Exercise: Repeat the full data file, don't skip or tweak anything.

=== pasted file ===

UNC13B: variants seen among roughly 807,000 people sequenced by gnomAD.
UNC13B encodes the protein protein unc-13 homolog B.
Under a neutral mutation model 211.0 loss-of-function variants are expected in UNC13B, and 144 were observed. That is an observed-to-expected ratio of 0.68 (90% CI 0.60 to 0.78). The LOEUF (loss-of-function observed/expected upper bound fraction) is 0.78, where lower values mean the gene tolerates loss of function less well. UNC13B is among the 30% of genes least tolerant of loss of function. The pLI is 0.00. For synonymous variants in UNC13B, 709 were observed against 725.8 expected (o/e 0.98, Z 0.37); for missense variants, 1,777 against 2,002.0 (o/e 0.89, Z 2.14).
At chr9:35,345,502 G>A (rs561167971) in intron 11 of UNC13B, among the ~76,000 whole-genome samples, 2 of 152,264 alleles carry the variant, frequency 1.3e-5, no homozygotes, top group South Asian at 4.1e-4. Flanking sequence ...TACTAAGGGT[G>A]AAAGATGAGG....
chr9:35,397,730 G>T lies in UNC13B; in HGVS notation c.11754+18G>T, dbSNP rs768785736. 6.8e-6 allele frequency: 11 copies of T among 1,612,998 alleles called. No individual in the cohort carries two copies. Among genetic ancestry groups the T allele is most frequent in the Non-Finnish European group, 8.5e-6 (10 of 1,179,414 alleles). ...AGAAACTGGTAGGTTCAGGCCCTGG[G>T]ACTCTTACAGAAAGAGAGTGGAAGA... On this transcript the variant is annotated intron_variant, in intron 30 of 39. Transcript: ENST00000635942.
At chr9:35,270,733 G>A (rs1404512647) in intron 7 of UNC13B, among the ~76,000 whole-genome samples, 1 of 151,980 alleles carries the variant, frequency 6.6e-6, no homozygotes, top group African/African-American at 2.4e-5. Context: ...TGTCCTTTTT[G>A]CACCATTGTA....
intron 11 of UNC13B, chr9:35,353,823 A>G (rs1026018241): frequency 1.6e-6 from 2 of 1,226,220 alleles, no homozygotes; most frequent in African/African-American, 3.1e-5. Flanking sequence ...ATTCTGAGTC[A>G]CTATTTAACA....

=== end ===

UNC13B: variants seen among roughly 807,000 people sequenced by gnomAD.
UNC13B encodes the protein protein unc-13 homolog B.
Under a neutral mutation model 211.0 loss-of-function variants are expected in UNC13B, and 144 were observed. That is an observed-to-expected ratio of 0.68 (90% CI 0.60 to 0.78). The LOEUF (loss-of-function observed/expected upper bound fraction) is 0.78, where lower values mean the gene tolerates loss of function less well. UNC13B is among the 30% of genes least tolerant of loss of function. The pLI is 0.00. For synonymous variants in UNC13B, 709 were observed against 725.8 expected (o/e 0.98, Z 0.37); for missense variants, 1,777 against 2,002.0 (o/e 0.89, Z 2.14).
At chr9:35,345,502 G>A (rs561167971) in intron 11 of UNC13B, among the ~76,000 whole-genome samples, 2 of 152,264 alleles carry the variant, frequency 1.3e-5, no homozygotes, top group South Asian at 4.1e-4. Flanking sequence ...TACTAAGGGT[G>A]AAAGATGAGG....
chr9:35,397,730 G>T lies in UNC13B; in HGVS notation c.11754+18G>T, dbSNP rs768785736. 6.8e-6 allele frequency: 11 copies of T among 1,612,998 alleles called. No individual in the cohort carries two copies. Among genetic ancestry groups the T allele is most frequent in the Non-Finnish European group, 8.5e-6 (10 of 1,179,414 alleles). ...AGAAACTGGTAGGTTCAGGCCCTGG[G>T]ACTCTTACAGAAAGAGAGTGGAAGA... On this transcript the variant is annotated intron_variant, in intron 30 of 39. Transcript: ENST00000635942.
At chr9:35,270,733 G>A (rs1404512647) in intron 7 of UNC13B, among the ~76,000 whole-genome samples, 1 of 151,980 alleles carries the variant, frequency 6.6e-6, no homozygotes, top group African/African-American at 2.4e-5. Context: ...TGTCCTTTTT[G>A]CACCATTGTA....
intron 11 of UNC13B, chr9:35,353,823 A>G (rs1026018241): frequency 1.6e-6 from 2 of 1,226,220 alleles, no homozygotes; most frequent in African/African-American, 3.1e-5. Flanking sequence ...ATTCTGAGTC[A>G]CTATTTAACA....